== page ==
If you have a morning schedule, have son create a visual chart. Give your son a poster board and magazines - he can cut and paste pictures to go with each item - (bathroom, brush teeth, get dressed, make bed, breakfast, find shoes, find coat, find backpack, get into vehicle, buckle up). Each morning he can follow "his" schedule. He can "see" what will happen next.

    This doesn't work for all kids so don't be discouraged if he is not interested - just another idea for you to try.

    You stated he is not interested in rewards. I am thinking he just doesn't want to work toward one. However, you can still "reward" with words and hugs and instant "treats". You are ready for bed already? Let's read a book (or play a game, or do an art project, ect) with the few minutes left before bed time.

    Be stern when you need to, however, be positive when you can.
     
  10. Andy

    Andy Active Member

    Do the teachers let Ira know when there is about 5 minutes to switch gears? Sounds like he needs a heads up that a change is coming.
     
  11. 'Chelle

    'Chelle Active Member

    Hi devira :bigsmile:

    With the transition thing, we always need to give our difficult child extra time to get ready for changes, and it really helps if he knows what the change is. At home I always give him at least a 15 minute heads up that we're leaving or time for bed etc. then 10, then 5 - even now at almost 15 years old he needs it. At school, he now has a schedule in high school and the teachers don't have to give him heads up about what's next. Earlier on in grade school, it was good if the teacher would give him a schedule for the day in the morning, so he would know that he would be going from math to reading to spelling etc. It made it easier because he hates english type subjects, and if he didn't remember or know that after math was working in his journal it could cause a meltdown. Having the schedule he was prepared for what was next. Didn't make him always write in the journal, but he didn't have a meltdown because it was "sprung" on him.

    A second evaluation, and/or an evaluation by a neuropsychologist could be a good thing. If more/something else is going on than ADHD, it's good to know so that you know what direction to go in regarding therapy and medications.

    Welcome to the site, hope you find the advice and shoulder to vent to that you need. :flower:
     
  12. smallworld

    smallworld Moderator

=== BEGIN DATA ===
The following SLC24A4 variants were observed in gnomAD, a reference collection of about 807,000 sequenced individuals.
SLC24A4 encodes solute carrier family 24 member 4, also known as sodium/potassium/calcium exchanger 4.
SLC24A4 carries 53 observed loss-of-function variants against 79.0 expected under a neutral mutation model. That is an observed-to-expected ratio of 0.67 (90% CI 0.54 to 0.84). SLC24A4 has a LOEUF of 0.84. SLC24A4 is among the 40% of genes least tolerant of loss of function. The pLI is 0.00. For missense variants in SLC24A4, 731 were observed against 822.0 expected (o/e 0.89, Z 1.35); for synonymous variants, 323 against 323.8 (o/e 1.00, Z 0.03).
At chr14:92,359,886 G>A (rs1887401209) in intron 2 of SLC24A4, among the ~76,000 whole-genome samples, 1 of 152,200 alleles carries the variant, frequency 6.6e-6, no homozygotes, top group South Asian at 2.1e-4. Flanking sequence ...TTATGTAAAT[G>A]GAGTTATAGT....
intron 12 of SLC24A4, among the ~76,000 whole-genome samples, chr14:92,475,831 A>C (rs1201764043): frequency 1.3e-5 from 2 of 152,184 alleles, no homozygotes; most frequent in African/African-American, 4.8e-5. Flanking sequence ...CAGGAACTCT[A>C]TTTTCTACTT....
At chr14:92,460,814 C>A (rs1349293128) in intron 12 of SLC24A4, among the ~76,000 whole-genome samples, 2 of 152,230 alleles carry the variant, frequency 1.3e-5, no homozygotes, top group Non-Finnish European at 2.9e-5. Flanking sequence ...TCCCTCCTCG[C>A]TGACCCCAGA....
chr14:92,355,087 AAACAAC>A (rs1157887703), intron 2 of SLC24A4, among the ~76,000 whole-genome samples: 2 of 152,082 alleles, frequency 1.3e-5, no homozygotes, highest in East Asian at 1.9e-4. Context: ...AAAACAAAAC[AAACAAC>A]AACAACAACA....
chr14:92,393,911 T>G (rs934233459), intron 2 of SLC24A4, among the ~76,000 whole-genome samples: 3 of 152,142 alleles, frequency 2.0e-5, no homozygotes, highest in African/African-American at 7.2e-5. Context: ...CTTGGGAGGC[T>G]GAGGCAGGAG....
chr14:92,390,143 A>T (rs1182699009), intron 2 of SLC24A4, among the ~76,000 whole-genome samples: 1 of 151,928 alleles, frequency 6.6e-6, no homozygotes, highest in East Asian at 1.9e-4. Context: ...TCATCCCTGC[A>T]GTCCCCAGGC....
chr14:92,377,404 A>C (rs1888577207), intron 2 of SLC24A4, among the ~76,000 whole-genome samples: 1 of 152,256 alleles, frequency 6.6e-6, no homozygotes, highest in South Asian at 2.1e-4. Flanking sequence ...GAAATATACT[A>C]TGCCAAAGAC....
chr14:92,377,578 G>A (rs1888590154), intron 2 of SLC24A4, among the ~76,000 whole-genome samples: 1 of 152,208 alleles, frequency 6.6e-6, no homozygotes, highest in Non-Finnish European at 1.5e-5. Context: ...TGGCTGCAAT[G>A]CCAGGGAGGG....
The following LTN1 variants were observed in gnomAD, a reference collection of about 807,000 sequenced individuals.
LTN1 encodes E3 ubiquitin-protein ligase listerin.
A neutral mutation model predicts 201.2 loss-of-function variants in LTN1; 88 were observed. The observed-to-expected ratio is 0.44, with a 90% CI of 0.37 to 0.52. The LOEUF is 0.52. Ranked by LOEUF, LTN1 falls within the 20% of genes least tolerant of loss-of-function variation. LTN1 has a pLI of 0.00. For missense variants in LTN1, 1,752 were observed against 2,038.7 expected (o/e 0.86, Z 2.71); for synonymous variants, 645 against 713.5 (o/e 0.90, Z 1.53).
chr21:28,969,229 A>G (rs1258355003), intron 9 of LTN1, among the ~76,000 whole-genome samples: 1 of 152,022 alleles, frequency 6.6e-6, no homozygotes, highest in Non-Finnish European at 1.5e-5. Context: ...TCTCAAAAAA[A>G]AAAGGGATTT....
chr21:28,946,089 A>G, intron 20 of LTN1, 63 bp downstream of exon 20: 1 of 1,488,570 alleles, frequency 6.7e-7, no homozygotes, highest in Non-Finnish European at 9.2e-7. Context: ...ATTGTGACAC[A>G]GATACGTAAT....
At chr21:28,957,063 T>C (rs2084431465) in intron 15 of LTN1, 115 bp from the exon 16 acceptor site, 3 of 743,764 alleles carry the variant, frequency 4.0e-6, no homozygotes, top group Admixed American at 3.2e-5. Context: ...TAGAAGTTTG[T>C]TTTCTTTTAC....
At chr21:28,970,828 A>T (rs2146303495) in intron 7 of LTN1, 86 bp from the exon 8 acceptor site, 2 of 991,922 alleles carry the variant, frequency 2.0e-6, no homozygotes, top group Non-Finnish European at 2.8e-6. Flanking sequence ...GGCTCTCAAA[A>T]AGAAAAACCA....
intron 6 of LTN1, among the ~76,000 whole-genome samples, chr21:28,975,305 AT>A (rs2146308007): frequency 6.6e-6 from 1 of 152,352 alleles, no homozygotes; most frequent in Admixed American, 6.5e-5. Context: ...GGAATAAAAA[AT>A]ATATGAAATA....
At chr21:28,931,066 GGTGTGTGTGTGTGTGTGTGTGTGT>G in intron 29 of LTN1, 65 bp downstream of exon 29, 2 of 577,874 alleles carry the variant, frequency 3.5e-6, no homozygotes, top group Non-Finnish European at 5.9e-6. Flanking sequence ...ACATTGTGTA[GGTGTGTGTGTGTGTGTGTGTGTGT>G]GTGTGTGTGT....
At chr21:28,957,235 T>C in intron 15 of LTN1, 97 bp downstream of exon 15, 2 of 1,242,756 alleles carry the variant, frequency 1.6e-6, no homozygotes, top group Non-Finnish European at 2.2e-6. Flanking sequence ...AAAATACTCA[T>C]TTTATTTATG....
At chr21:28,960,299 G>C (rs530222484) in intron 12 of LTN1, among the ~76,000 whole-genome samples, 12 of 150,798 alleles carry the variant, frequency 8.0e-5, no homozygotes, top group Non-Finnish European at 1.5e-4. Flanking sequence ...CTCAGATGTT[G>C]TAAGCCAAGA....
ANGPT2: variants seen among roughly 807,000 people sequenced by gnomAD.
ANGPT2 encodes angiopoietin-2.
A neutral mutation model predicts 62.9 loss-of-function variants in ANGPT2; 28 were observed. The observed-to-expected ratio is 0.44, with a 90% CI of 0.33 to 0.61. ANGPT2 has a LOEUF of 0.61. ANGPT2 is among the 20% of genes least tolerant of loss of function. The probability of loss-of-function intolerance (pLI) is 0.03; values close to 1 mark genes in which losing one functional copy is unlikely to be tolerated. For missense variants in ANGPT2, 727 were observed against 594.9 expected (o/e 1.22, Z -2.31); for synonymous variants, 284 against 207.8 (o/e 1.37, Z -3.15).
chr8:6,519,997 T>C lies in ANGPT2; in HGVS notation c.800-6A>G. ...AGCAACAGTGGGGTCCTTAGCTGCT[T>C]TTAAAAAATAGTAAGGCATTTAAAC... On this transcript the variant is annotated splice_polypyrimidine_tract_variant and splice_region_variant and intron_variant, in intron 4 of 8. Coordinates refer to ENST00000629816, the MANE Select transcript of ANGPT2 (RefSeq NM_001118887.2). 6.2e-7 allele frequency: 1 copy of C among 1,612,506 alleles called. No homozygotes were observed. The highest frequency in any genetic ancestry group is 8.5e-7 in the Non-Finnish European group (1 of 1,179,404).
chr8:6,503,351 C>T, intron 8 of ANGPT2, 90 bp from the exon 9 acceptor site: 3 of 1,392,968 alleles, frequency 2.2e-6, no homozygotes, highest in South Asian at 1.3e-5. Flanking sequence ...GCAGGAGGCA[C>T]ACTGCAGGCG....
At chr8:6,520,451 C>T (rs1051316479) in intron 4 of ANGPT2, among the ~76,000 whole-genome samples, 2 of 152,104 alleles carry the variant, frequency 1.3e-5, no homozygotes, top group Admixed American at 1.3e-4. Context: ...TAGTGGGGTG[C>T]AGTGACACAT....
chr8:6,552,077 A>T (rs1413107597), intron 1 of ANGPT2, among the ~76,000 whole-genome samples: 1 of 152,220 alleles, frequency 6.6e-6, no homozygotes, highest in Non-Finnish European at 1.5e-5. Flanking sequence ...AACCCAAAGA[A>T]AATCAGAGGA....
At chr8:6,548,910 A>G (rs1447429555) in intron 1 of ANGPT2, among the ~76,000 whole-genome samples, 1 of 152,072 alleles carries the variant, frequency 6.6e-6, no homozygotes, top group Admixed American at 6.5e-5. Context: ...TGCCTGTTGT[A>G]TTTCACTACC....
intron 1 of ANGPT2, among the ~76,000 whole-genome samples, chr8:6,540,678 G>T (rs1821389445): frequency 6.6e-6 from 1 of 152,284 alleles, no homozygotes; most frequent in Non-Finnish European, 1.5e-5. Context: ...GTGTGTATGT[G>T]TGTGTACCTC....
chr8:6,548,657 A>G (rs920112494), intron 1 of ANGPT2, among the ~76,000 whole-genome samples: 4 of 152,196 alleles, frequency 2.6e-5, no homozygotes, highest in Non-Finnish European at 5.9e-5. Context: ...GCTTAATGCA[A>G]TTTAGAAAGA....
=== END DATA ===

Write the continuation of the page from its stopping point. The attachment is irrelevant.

I think you have to carefully consider the connection between Ira being exposed to drugs in utero and his current behavior challenges. I'd recommend locating a specialist who treats kids who are exposed to drugs and the resulting problems they deal with. I suspect such a specialist could be found at a children's or university teaching hospital in the Chicago area.
     
  13. devira

    devira New Member

    Thank you everyone... I started reading the explosive child last night... it at least gives me hope... The psychiatrist I am going to is the head of one of Chicago's medical schools child psychiatric unit. I hope that means he knows what he is doing, and understands the in-utera drug issues.
     
  14. ohollydolly

    ohollydolly Optimist losing hope!!!

    Welcome.... I just wanted to tell you that it took us years and many docs to get a diagnosis. Alot of docs (at least here in CA) refuse to label children as bipolar. (which my child is) You have to keep pushing them for help. Even getting 2, 3 or even 10 opinions. I swear I was ready to give up and just knew all these problems were because we were bad parents and we did something wrong!! Obviously that was wrong and we finally did get a diagnosis. Helps a little but everyday is a challenge. I wish you all the strength & calm days you can get.
    XOXOXO Holly
     
  15. Sara PA

    Sara PA New Member

    Eighty mgs of Vyvanse is 10 mg more than the maximum recommended dose of 70 mg/day. The recommended dose is 30 mg/day. Did his violence and uncontrollable outbursts start or get worse after he started taking the Vyvanse, especially at that very high dose? These are the psychiatric adverse reactions to Vyvanse:

    5.2 Psychiatric Adverse Events
    Pre-existing Psychosis
    Administration of stimulants may exacerbate symptoms of behavior disturbance and thought disorder in patients with a pre-existing psychotic disorder.
    Bipolar Illness